of its light becomes conspicuous when it is looked at with a glass. The most inexperienced observer will hardly fail to be impressed by the pure whiteness of El Nath, in comparison with which he will find that many of the stars he had supposed to be white show a decided The Crab Nebula. tinge of color. The star in the tip of the right, or southern horn, Zeta (ζ), is remarkable, not on its own account, but because it serves as a pointer to a famous nebula, the discovery of which led Messier to form his catalogue of nebulæ. This is sometimes called the "Crab Nebula," from the long sprays of nebulous matter which were seen surrounding it with Lord Rosse's great telescope. Our little sketch is simply intended to enable the observer to locate this strange object. If he wishes to study its appearance, he must use a powerful telescope. But with a first-rate field-glass he can see it as a speck of light in the position shown in the cut, where the large star is Zeta and the smaller ones are faint stars, the relative position of which will enable the observer to find the nebula, if he keeps in mind that the top of the cut is toward the north. It is noteworthy that this nebula for a time deceived several of the watchers who were on the lookout for the predicted return of Halley's comet in 1835.
And now let us look at the Hyades, an assemblage of stars not less beautiful than their more celebrated sisters the Pleiades. The leader of the Hyades is Aldebaran, or Alpha Tauri, and his followers are worthy of their leader. The inexperienced observer is certain to be surprised by the display of stars which an opera-glass brings to view in the Hyades. Our illustration will give some notion of their appearance with a large field-glass. The "brackish poet," of whose rhymes Admiral Smyth was so fond, thus describes the Hyades:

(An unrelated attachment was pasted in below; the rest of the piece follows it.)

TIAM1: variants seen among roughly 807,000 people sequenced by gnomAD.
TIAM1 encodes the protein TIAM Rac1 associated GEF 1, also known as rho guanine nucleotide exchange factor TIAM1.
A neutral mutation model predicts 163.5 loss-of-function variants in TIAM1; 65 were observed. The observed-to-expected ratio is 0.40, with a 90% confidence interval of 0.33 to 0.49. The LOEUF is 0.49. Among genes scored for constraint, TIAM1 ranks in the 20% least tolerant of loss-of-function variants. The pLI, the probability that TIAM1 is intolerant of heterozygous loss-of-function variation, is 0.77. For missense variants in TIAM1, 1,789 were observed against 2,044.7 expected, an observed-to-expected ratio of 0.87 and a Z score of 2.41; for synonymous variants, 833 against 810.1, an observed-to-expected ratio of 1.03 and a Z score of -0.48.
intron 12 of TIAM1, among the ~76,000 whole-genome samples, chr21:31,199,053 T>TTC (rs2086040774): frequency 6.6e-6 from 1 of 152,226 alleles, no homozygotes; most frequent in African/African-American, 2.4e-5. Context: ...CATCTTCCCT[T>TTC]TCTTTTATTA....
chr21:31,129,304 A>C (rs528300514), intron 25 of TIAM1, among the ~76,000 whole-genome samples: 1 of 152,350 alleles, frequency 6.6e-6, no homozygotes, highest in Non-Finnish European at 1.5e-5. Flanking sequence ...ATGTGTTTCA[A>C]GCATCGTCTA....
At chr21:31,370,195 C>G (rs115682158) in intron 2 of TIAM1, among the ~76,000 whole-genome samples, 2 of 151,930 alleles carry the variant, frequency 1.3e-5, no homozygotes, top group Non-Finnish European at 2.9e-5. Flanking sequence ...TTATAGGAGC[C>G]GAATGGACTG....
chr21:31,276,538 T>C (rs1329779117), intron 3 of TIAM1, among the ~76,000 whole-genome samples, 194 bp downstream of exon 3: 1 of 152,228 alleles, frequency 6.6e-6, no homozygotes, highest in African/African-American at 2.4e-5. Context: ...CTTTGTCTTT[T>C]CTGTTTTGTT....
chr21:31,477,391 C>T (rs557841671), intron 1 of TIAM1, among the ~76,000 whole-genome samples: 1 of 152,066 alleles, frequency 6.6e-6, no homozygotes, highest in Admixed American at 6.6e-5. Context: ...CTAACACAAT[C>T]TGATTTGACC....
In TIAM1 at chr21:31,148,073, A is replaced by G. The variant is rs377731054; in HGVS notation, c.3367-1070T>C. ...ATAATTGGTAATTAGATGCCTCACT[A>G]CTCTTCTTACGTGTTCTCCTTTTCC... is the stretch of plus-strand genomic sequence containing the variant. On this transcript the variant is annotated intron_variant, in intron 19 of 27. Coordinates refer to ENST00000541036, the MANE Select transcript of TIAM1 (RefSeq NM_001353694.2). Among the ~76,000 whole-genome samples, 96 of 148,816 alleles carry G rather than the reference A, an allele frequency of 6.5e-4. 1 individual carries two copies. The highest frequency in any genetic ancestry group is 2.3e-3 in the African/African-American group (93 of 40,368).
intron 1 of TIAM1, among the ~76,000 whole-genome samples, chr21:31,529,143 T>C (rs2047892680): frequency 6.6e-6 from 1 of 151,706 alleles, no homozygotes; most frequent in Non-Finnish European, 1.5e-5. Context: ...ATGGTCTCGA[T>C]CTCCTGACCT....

"In lustrous dignity aloft see Alpha Tauri shine.
The splendid zone he decorates attests the Power divine:
For mark around what glitt'ring orbs attract the wandering eye,
You'll soon confess no other star has such attendants nigh."
The redness of the light of Aldebaran is a very interesting phenomenon. Careful observation detects a decided difference between its color and that of Betelgeuse, or Alpha Orionis, which is also a red star. It differs, too, from the brilliant red star of summer, Antares. Aldebaran has a trace of rose color in its light, while Betelgeuse is of a very deep orange, and Antares may be described as fire-red. These shades of color can easily be detected by the naked eye after a little practice. First compare Aldebaran and Betelgeuse, and glance from each to the brilliant white, or bluish-white, star Rigel in Orion's foot.